In 5662 (1901), the urgent communal needs of Russian Jewry detained the Rebbe Rashab in Moscow. He was thus unable to join his chassidim in Lubavitch in celebrating Yud-Tes Kislev, the anniversary of Rabbi Shneur Zalman of Liadi’s liberation from prison. By way of compensation for his ab­sence, he sent a historic letter2 to his chassidim in which he refers to Yud-Tes Kislev as “the Rosh HaShanah of Chassidus.”

The Rebbe’s letter resounded not only among his follow­ers,3 but talk of it also spread beyond chassidic circles. A certain scholar mentioned it to the celebrated halachic authority, Rabbi Chaim Ozer Grodzinsky, and added mock­ingly, “The Mishnah speaks of only four kinds of Rosh HaShanah,4 and now the chassidim have gone and added a fifth....”

Reb Chaim Ozer replied: “They, at least, are constantly growing.”

Accordingly, this work includes essays on chassidic festi­vals celebrated in the Lubavitch community. However, the potential for growth alluded to by Reb Chaim Ozer has led to such a proliferation of chassidic holidays, that one can liter­ally fulfill the verse,5 “A good-hearted person is always cele­brating.” After careful consideration, it was decided to include only four of the more prominent chassidic festivals: Yud-Tes Kislev, Yud Shvat, Yud-Beis Tammuz, and Chai Elul.

Patterns Within a Greater Cycle

Although each of the festivals conveys a unique message, the fragrance of each one lingers on and flavors those which follow, because they represent patterns within a greater cycle.

Like the cycle of the Jewish year, the composition of this text too synthesizes a variety of contributions, especially those of: Rabbi Eliyahu Touger, who skillfully adapted the texts from their Hebrew and Yiddish originals; Uri Kaploun, whose editorial expertise enhanced their presentation; Rabbi Aharon Leib Raskin, who supplied many of the references; Yosef Yitzchok Turner, who is responsible for the tasteful layout and typography; and Rabbi Yonah Avtzon, Director of Sichos In English, whose piloting and encouragement at every stage of the project transformed it from dream to reality.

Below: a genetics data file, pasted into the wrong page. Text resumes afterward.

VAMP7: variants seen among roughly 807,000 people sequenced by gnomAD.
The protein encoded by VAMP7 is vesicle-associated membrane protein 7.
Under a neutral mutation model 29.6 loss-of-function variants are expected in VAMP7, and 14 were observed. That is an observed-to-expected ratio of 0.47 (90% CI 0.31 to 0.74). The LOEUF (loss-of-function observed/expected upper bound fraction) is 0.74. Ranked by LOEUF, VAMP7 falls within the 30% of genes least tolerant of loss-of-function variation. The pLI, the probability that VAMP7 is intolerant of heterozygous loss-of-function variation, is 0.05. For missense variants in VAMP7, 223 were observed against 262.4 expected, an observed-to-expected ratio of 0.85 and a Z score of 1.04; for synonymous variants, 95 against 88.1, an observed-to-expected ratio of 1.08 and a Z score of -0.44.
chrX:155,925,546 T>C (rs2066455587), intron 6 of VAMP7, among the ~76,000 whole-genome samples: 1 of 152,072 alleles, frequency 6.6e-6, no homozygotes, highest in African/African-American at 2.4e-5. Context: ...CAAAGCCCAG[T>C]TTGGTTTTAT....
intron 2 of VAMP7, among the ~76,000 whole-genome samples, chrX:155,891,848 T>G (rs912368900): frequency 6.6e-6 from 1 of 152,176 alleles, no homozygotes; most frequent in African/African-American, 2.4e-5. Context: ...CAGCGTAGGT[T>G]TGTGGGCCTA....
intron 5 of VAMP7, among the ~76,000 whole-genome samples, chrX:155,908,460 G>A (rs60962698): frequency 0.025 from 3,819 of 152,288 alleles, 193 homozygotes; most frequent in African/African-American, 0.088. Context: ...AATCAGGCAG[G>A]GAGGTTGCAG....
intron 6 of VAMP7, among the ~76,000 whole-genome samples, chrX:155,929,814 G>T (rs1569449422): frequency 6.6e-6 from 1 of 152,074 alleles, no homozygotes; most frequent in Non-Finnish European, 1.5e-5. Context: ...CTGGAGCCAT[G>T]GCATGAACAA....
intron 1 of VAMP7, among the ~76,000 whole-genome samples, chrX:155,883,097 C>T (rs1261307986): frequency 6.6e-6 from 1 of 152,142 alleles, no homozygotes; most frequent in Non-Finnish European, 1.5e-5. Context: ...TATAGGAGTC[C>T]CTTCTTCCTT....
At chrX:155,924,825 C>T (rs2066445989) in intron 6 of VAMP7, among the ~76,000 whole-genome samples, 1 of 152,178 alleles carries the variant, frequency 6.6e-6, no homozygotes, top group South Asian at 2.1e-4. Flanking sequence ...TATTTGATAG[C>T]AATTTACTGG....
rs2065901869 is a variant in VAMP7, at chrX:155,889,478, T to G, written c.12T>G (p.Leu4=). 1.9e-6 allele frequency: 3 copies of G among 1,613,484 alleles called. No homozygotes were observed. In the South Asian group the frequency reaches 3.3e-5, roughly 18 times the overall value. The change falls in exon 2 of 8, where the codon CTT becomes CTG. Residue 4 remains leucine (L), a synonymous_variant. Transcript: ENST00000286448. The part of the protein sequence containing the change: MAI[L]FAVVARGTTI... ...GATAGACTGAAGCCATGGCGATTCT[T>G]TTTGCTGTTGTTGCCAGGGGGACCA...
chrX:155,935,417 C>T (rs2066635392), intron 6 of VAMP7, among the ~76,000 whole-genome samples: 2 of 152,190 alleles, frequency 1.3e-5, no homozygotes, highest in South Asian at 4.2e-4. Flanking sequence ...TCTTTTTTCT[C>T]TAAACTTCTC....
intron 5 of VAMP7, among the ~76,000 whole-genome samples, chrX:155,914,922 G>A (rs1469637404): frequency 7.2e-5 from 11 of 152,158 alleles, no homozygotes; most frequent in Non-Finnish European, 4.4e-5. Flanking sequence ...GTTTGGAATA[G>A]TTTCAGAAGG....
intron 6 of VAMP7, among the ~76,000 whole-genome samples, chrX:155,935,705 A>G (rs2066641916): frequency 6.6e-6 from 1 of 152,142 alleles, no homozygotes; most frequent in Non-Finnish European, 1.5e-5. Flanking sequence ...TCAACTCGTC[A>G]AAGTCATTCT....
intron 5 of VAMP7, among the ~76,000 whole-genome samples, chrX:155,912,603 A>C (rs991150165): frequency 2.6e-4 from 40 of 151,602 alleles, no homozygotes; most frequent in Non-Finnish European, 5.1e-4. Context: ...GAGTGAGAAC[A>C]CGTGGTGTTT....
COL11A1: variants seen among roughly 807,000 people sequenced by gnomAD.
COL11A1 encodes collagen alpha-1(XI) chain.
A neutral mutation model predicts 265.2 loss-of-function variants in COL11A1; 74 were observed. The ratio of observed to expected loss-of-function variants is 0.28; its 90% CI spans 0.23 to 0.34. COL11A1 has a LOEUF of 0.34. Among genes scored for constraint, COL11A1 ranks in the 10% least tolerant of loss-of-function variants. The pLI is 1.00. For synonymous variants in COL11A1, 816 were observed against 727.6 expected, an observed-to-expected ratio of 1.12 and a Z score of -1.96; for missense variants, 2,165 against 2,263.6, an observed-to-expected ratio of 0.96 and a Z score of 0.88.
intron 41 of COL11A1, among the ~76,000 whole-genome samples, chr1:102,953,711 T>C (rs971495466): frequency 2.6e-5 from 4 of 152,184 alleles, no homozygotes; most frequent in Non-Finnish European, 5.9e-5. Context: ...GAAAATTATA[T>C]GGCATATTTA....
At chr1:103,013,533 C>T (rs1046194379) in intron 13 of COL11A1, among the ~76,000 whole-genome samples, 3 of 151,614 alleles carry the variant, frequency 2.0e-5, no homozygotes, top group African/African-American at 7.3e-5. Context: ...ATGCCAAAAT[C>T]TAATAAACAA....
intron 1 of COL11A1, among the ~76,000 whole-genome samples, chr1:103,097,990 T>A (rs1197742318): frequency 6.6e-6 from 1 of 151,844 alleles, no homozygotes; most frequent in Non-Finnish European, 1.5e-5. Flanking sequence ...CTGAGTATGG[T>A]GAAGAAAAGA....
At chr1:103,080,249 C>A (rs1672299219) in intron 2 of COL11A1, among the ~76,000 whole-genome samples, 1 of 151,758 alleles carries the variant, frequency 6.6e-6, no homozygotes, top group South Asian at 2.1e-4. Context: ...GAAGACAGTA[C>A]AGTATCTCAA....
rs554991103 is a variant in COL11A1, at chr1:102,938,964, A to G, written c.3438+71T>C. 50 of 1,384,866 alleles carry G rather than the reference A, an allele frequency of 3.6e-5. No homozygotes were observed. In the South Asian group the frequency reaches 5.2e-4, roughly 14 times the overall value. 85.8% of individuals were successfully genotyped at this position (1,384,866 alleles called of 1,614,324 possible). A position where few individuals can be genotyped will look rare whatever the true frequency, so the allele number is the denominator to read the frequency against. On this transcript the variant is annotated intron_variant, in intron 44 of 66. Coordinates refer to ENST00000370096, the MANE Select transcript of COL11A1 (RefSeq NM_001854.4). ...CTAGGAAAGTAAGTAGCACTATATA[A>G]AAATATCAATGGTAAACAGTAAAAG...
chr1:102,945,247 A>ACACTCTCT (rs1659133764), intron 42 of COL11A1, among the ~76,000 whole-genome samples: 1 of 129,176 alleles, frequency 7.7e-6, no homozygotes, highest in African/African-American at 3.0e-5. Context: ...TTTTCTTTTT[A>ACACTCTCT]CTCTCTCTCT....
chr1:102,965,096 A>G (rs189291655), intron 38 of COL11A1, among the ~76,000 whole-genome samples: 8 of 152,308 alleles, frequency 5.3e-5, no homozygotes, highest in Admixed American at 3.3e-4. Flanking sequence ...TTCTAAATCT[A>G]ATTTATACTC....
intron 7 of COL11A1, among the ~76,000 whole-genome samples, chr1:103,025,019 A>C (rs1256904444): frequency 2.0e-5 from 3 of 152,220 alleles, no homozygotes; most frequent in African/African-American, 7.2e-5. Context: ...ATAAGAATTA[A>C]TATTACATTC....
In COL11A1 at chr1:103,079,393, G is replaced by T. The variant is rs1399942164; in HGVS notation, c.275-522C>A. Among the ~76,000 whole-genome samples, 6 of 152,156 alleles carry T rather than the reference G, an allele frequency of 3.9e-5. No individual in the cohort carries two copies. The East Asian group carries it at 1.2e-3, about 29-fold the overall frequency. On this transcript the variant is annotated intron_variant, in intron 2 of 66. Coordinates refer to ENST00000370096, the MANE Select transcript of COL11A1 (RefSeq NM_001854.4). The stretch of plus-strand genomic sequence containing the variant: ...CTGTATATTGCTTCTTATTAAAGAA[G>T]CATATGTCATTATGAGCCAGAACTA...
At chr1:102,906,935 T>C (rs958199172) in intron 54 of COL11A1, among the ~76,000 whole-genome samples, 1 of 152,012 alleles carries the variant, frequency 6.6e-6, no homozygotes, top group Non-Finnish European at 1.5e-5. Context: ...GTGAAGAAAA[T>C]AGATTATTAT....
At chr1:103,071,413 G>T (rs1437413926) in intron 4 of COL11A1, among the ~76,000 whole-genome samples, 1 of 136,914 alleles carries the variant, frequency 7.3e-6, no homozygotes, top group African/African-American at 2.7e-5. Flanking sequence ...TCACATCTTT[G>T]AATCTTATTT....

In Anticipation of the Ultimate Celebration

In a discussion of the nature of time in his commentary on the Torah,6 the Ramban sees all of history as culminating in the Era of Redemption, “the day which is only Sabbath and repose for all time.”7

We also make mention of the Era of Redemption at the conclusion of every essay in this book. This is not merely a stylistic device in keeping with our Sages’ advice8 to conclude any work with a positive theme. Our decision to conclude with the theme of Redemption reflects the manner in which the Rebbe  has concluded his talks throughout the years, particularly in recent years. And his evoking of the Redemption is not merely a figure of speech: all of his endeavors are directed to precipitating the coming of Mashiach.

May the study of the present work further the fulfillment of that purpose, and hasten the coming of the time when G‑d will “enable us to arrive at other festivals and holidays..., celebrating in the rebuilding of Your city and rejoicing in Your service,”9 with the coming of the Redemption. May this take place in the immediate future.

Sichos In English

Chai Elul, (1993)
Birthday of the Baal Shem Tov (1698)
and the Alter Rebbe (1745)